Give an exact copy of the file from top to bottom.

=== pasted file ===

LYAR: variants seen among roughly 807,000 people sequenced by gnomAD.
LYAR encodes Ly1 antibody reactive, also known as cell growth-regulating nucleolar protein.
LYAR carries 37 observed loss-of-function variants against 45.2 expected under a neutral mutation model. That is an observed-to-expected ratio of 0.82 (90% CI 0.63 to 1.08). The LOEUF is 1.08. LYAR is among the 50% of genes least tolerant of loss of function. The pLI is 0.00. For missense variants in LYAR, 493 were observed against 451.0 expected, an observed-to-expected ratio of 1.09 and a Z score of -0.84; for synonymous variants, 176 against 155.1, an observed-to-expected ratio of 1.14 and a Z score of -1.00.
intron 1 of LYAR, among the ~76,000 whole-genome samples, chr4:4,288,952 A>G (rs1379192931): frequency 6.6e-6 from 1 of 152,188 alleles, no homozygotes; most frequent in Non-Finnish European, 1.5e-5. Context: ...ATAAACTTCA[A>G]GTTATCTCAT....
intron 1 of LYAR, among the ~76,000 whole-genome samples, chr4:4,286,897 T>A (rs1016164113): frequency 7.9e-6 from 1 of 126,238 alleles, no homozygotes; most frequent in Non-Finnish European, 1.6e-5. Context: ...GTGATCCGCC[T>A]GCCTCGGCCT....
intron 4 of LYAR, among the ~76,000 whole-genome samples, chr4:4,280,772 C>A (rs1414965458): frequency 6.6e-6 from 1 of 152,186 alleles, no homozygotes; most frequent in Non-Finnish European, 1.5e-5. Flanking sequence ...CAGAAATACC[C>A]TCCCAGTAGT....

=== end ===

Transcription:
LYAR: variants seen among roughly 807,000 people sequenced by gnomAD.
LYAR encodes Ly1 antibody reactive, also known as cell growth-regulating nucleolar protein.
LYAR carries 37 observed loss-of-function variants against 45.2 expected under a neutral mutation model. That is an observed-to-expected ratio of 0.82 (90% CI 0.63 to 1.08). The LOEUF is 1.08. LYAR is among the 50% of genes least tolerant of loss of function. The pLI is 0.00. For missense variants in LYAR, 493 were observed against 451.0 expected, an observed-to-expected ratio of 1.09 and a Z score of -0.84; for synonymous variants, 176 against 155.1, an observed-to-expected ratio of 1.14 and a Z score of -1.00.
intron 1 of LYAR, among the ~76,000 whole-genome samples, chr4:4,288,952 A>G (rs1379192931): frequency 6.6e-6 from 1 of 152,188 alleles, no homozygotes; most frequent in Non-Finnish European, 1.5e-5. Context: ...ATAAACTTCA[A>G]GTTATCTCAT....
intron 1 of LYAR, among the ~76,000 whole-genome samples, chr4:4,286,897 T>A (rs1016164113): frequency 7.9e-6 from 1 of 126,238 alleles, no homozygotes; most frequent in Non-Finnish European, 1.6e-5. Context: ...GTGATCCGCC[T>A]GCCTCGGCCT....
intron 4 of LYAR, among the ~76,000 whole-genome samples, chr4:4,280,772 C>A (rs1414965458): frequency 6.6e-6 from 1 of 152,186 alleles, no homozygotes; most frequent in Non-Finnish European, 1.5e-5. Flanking sequence ...CAGAAATACC[C>A]TCCCAGTAGT....